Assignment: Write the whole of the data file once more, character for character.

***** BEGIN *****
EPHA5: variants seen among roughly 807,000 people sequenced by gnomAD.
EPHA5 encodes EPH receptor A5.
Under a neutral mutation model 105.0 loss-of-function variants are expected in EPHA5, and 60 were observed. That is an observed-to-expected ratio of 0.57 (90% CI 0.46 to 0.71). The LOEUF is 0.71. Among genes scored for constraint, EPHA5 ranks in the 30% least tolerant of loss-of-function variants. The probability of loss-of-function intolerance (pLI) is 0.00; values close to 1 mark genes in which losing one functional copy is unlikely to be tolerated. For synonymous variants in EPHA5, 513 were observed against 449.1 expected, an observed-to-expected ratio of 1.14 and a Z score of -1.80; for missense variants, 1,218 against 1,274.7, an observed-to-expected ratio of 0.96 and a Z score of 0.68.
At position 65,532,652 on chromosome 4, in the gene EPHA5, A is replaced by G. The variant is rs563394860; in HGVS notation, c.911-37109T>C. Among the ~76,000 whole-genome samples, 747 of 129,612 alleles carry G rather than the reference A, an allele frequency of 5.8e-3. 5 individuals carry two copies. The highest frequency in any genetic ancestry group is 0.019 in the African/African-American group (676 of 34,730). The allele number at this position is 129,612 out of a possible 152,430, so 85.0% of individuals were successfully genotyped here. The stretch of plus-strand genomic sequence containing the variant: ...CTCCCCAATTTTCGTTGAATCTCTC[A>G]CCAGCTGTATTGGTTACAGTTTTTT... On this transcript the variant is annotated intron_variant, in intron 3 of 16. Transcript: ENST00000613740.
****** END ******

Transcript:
EPHA5: variants seen among roughly 807,000 people sequenced by gnomAD.
EPHA5 encodes EPH receptor A5.
Under a neutral mutation model 105.0 loss-of-function variants are expected in EPHA5, and 60 were observed. That is an observed-to-expected ratio of 0.57 (90% CI 0.46 to 0.71). The LOEUF is 0.71. Among genes scored for constraint, EPHA5 ranks in the 30% least tolerant of loss-of-function variants. The probability of loss-of-function intolerance (pLI) is 0.00; values close to 1 mark genes in which losing one functional copy is unlikely to be tolerated. For synonymous variants in EPHA5, 513 were observed against 449.1 expected, an observed-to-expected ratio of 1.14 and a Z score of -1.80; for missense variants, 1,218 against 1,274.7, an observed-to-expected ratio of 0.96 and a Z score of 0.68.
At position 65,532,652 on chromosome 4, in the gene EPHA5, A is replaced by G. The variant is rs563394860; in HGVS notation, c.911-37109T>C. Among the ~76,000 whole-genome samples, 747 of 129,612 alleles carry G rather than the reference A, an allele frequency of 5.8e-3. 5 individuals carry two copies. The highest frequency in any genetic ancestry group is 0.019 in the African/African-American group (676 of 34,730). The allele number at this position is 129,612 out of a possible 152,430, so 85.0% of individuals were successfully genotyped here. The stretch of plus-strand genomic sequence containing the variant: ...CTCCCCAATTTTCGTTGAATCTCTC[A>G]CCAGCTGTATTGGTTACAGTTTTTT... On this transcript the variant is annotated intron_variant, in intron 3 of 16. Transcript: ENST00000613740.